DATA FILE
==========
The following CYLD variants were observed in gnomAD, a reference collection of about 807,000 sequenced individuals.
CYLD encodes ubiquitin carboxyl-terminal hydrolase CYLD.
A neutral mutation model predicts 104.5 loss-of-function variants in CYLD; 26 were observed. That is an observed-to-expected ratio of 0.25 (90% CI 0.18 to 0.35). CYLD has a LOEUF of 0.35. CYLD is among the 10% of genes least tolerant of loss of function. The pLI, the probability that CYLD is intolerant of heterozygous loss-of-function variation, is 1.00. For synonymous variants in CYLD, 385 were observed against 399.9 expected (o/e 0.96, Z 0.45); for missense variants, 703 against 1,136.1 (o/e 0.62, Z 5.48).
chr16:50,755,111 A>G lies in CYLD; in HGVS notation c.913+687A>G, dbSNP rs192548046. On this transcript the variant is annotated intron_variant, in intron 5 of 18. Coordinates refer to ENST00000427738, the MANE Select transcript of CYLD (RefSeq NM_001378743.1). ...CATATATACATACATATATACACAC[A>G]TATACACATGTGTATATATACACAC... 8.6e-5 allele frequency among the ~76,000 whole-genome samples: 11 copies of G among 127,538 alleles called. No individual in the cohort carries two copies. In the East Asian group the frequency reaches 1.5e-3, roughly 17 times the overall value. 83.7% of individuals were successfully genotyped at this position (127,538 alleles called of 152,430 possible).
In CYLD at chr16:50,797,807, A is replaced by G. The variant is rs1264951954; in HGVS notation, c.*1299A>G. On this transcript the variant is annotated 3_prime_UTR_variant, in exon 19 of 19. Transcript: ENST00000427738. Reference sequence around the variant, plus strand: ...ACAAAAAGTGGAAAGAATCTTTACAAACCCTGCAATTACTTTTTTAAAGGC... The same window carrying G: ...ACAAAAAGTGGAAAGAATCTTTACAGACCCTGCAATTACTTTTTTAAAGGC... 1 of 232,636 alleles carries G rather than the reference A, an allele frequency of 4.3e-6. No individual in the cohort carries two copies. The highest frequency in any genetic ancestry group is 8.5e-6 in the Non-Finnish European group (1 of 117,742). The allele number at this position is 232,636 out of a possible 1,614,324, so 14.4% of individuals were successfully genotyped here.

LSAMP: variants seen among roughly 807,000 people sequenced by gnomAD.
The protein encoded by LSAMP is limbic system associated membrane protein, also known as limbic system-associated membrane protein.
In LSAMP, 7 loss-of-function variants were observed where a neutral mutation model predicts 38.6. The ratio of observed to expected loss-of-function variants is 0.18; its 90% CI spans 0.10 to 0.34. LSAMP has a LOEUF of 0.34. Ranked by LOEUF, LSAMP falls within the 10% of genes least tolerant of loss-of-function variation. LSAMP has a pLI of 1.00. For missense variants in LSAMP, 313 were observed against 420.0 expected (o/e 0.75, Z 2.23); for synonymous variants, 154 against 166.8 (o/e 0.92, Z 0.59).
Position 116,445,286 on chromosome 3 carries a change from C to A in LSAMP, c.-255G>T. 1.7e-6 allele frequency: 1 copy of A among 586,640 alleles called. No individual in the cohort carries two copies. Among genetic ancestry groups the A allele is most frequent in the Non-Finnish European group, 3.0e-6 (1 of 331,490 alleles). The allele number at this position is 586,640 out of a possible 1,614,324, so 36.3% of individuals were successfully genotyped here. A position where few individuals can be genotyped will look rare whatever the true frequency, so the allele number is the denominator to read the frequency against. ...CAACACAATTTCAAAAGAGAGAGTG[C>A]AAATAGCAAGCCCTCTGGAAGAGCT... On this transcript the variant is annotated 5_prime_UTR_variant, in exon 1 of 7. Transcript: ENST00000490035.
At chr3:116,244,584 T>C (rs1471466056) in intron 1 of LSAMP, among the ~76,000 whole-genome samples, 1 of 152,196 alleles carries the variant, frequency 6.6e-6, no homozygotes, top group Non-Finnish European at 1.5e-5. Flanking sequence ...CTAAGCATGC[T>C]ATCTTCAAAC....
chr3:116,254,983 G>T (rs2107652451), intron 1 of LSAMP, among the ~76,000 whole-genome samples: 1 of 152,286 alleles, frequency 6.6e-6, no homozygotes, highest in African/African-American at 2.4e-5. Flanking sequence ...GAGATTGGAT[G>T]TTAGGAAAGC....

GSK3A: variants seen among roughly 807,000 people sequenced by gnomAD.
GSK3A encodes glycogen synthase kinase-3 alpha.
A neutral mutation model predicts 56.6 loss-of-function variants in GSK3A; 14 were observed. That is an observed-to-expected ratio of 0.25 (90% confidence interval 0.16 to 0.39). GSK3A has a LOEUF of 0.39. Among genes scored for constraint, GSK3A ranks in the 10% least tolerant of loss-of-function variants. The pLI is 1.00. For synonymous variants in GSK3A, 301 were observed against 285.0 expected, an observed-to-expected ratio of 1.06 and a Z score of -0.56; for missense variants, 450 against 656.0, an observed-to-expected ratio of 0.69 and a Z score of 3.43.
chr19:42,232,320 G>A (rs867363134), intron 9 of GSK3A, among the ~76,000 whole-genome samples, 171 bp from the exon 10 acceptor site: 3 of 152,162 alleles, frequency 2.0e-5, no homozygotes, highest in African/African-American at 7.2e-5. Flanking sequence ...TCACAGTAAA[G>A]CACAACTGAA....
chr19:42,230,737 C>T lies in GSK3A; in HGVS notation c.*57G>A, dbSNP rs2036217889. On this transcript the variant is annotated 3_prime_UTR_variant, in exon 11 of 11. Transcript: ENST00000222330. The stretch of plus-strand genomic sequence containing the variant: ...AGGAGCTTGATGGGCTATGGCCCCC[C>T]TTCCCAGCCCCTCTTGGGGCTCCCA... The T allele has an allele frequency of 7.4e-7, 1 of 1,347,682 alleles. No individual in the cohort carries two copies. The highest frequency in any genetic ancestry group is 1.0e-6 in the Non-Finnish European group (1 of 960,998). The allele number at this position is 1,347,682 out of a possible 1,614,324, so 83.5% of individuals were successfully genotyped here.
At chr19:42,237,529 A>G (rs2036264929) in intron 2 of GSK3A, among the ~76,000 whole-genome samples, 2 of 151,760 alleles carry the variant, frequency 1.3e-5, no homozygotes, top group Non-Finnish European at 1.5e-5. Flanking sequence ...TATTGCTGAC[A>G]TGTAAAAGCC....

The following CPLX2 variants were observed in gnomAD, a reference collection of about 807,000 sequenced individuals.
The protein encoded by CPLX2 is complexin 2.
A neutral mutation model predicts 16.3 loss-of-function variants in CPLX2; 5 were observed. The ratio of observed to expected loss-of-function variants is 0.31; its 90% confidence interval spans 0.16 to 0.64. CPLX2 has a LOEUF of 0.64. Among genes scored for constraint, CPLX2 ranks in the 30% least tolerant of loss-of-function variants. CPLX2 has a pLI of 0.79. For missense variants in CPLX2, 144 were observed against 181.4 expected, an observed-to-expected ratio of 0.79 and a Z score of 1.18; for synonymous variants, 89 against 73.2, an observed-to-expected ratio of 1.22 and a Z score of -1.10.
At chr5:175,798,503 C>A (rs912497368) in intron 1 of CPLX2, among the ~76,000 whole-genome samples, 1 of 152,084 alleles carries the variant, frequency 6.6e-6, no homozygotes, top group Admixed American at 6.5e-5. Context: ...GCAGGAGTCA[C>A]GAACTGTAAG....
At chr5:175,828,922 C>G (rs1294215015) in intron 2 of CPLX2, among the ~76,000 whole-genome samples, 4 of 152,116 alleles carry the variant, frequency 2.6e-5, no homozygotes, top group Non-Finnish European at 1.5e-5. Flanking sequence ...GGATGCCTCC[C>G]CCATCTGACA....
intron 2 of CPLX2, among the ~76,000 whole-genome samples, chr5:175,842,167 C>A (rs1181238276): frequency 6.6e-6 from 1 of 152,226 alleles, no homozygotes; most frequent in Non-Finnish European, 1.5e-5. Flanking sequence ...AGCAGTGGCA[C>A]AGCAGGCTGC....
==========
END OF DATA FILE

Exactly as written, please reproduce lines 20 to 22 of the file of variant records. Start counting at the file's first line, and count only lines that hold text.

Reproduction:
A neutral mutation model predicts 16.3 loss-of-function variants in CPLX2; 5 were observed. The ratio of observed to expected loss-of-function variants is 0.31; its 90% confidence interval spans 0.16 to 0.64. CPLX2 has a LOEUF of 0.64. Among genes scored for constraint, CPLX2 ranks in the 30% least tolerant of loss-of-function variants. CPLX2 has a pLI of 0.79. For missense variants in CPLX2, 144 were observed against 181.4 expected, an observed-to-expected ratio of 0.79 and a Z score of 1.18; for synonymous variants, 89 against 73.2, an observed-to-expected ratio of 1.22 and a Z score of -1.10.
At chr5:175,798,503 C>A (rs912497368) in intron 1 of CPLX2, among the ~76,000 whole-genome samples, 1 of 152,084 alleles carries the variant, frequency 6.6e-6, no homozygotes, top group Admixed American at 6.5e-5. Context: ...GCAGGAGTCA[C>A]GAACTGTAAG....
At chr5:175,828,922 C>G (rs1294215015) in intron 2 of CPLX2, among the ~76,000 whole-genome samples, 4 of 152,116 alleles carry the variant, frequency 2.6e-5, no homozygotes, top group Non-Finnish European at 1.5e-5. Flanking sequence ...GGATGCCTCC[C>G]CCATCTGACA....